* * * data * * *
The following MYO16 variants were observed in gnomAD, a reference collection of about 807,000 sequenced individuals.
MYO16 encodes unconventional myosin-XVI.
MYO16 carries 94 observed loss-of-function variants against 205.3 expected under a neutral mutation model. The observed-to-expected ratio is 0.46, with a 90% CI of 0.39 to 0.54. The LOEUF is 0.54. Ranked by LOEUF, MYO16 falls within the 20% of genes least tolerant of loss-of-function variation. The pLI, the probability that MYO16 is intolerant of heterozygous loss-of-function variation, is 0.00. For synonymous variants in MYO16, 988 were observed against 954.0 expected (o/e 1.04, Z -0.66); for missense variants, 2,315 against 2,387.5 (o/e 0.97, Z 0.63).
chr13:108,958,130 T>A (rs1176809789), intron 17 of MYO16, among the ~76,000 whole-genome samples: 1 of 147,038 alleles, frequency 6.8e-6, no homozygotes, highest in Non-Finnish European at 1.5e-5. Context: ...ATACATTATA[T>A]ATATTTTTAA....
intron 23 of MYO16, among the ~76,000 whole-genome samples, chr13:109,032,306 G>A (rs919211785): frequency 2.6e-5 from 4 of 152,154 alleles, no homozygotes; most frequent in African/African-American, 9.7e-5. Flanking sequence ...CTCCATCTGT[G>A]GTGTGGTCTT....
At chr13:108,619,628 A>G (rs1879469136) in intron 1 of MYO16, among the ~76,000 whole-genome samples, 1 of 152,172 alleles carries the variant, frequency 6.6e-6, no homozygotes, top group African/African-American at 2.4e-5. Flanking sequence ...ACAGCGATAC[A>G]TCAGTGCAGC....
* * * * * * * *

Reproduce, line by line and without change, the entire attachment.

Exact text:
The following MYO16 variants were observed in gnomAD, a reference collection of about 807,000 sequenced individuals.
MYO16 encodes unconventional myosin-XVI.
MYO16 carries 94 observed loss-of-function variants against 205.3 expected under a neutral mutation model. The observed-to-expected ratio is 0.46, with a 90% CI of 0.39 to 0.54. The LOEUF is 0.54. Ranked by LOEUF, MYO16 falls within the 20% of genes least tolerant of loss-of-function variation. The pLI, the probability that MYO16 is intolerant of heterozygous loss-of-function variation, is 0.00. For synonymous variants in MYO16, 988 were observed against 954.0 expected (o/e 1.04, Z -0.66); for missense variants, 2,315 against 2,387.5 (o/e 0.97, Z 0.63).
chr13:108,958,130 T>A (rs1176809789), intron 17 of MYO16, among the ~76,000 whole-genome samples: 1 of 147,038 alleles, frequency 6.8e-6, no homozygotes, highest in Non-Finnish European at 1.5e-5. Context: ...ATACATTATA[T>A]ATATTTTTAA....
intron 23 of MYO16, among the ~76,000 whole-genome samples, chr13:109,032,306 G>A (rs919211785): frequency 2.6e-5 from 4 of 152,154 alleles, no homozygotes; most frequent in African/African-American, 9.7e-5. Flanking sequence ...CTCCATCTGT[G>A]GTGTGGTCTT....
At chr13:108,619,628 A>G (rs1879469136) in intron 1 of MYO16, among the ~76,000 whole-genome samples, 1 of 152,172 alleles carries the variant, frequency 6.6e-6, no homozygotes, top group African/African-American at 2.4e-5. Flanking sequence ...ACAGCGATAC[A>G]TCAGTGCAGC....